[Tweeters] Location Reporting Suggestion

Karen Howell-Clark khcsea at hotmail.com
Thu Mar 17 16:46:59 PDT 2016


I know very little about either birding or navigating, but can report that if you enter GPS coordinates into Google Maps, the location pops right up.I wanted to see the heron rookery by Soos Creek Trail in Kent/Covington that Rex Tagasuki had mentioned in a post, found my way to the general area by looking up the trail itself online, and ended up parking not quite in the place he recommended because I was unfamiliar with the area and just stopped when I saw a sign for the trail. I started walking, unsure I was even going in the right direction, and on a lark (heh heh) tried copying/pasting the coordinates Rex had included in his email into Google Maps on my phone. I didn't really expect it to work, but the location appeared instantly. I guess that makes sense, and maybe it's something everyone else knows, but I had always paid no attention to the 'so many degrees north, so many degrees west' directions as not relevant to me. Now that I know how simple it is, I would definitely use them again. (And the herons were cool, too.)
KarenSeattle
Subject: Re: [Tweeters] Location Reporting Suggestion
From: plkoyama at comcast.net
Date: Thu, 17 Mar 2016 14:48:46 -0700
To: amw.5737 at gmail.com
CC: tweeters at u.washington.edu

I used my Garmin once at Semiahmoo and would have ended up on the water halfway to BHam if I'd followed the coordinates!!Penny Koyama, Bothell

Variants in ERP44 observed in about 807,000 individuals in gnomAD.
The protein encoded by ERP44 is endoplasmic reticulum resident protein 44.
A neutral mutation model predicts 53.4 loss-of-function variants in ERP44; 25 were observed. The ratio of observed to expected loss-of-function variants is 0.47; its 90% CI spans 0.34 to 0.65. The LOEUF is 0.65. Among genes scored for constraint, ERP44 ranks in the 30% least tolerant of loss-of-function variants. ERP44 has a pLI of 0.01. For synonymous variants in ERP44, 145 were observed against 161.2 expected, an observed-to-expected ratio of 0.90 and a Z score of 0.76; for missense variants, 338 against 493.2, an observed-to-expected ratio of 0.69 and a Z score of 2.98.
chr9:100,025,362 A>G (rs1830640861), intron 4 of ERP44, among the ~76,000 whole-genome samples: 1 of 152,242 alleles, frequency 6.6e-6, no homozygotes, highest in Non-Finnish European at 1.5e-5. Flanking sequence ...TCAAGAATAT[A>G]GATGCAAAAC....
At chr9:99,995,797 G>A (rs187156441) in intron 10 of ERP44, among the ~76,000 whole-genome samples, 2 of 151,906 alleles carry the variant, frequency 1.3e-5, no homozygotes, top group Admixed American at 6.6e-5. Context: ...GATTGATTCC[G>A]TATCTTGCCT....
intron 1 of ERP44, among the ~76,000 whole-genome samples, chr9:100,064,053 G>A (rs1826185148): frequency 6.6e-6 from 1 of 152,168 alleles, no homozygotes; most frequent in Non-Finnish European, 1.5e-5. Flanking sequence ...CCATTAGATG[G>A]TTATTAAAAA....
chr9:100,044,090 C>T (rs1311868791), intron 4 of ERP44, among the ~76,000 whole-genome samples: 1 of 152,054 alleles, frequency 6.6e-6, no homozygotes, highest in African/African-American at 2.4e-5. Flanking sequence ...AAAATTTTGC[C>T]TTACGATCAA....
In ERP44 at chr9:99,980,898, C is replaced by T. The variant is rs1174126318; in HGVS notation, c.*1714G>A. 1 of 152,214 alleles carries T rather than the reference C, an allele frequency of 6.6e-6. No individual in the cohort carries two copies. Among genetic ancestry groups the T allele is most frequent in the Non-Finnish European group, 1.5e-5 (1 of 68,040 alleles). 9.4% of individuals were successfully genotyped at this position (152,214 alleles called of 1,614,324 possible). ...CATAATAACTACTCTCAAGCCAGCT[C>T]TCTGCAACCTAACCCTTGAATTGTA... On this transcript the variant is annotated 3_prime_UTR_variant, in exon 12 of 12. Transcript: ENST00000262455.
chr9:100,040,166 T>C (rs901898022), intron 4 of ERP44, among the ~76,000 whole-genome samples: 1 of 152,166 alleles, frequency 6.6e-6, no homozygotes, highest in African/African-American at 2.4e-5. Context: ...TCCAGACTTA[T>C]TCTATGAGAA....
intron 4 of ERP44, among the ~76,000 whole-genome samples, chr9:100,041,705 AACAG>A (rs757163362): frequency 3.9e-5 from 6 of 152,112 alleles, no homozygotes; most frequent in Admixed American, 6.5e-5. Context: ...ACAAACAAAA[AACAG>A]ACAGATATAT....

Sent from my iPhone
On Mar 17, 2016, at 10:09 AM, AnnMarie Wood <amw.5737 at gmail.com> wrote:

Hi Wally,
Locations can be tough!
GPS coordinates sound like a good idea but, frankly, I've never figured out how to use them, with or without my Garmin or IPhone.
If someone provides the basics like the city with an intersection, address, or name of a nearby business I can usually get there.
Good Luck,Ann Marie WoodMountlake Yerrace, WA


On Thursday, March 17, 2016, Wally Davis <wallydavis3 at gmail.com> wrote:
Hi Tweeters, I have not been with you very long and have very much enjoyed the reports. On several occasions I have decided to follow up and try to find a bird based on a Tweeter report. In each case I have had to go back to the original poster for more information because I am not familiar with the area and don’t understand local landmarks or local rather than formal (i.e. map) names are used (shades of scientific names). My guess is that everyone on the Tweeters list carries at least one GPS with them when they go birding. GPS receivers are built into almost all phones and tablets and are present in many cameras which record position as metadata when a picture is taken (assuming the GPS is turned on). I would like to suggest that posts, particularly posts with birds which many may try to find, include a GPS position(s). Cheers,Wally DavisSnohomish
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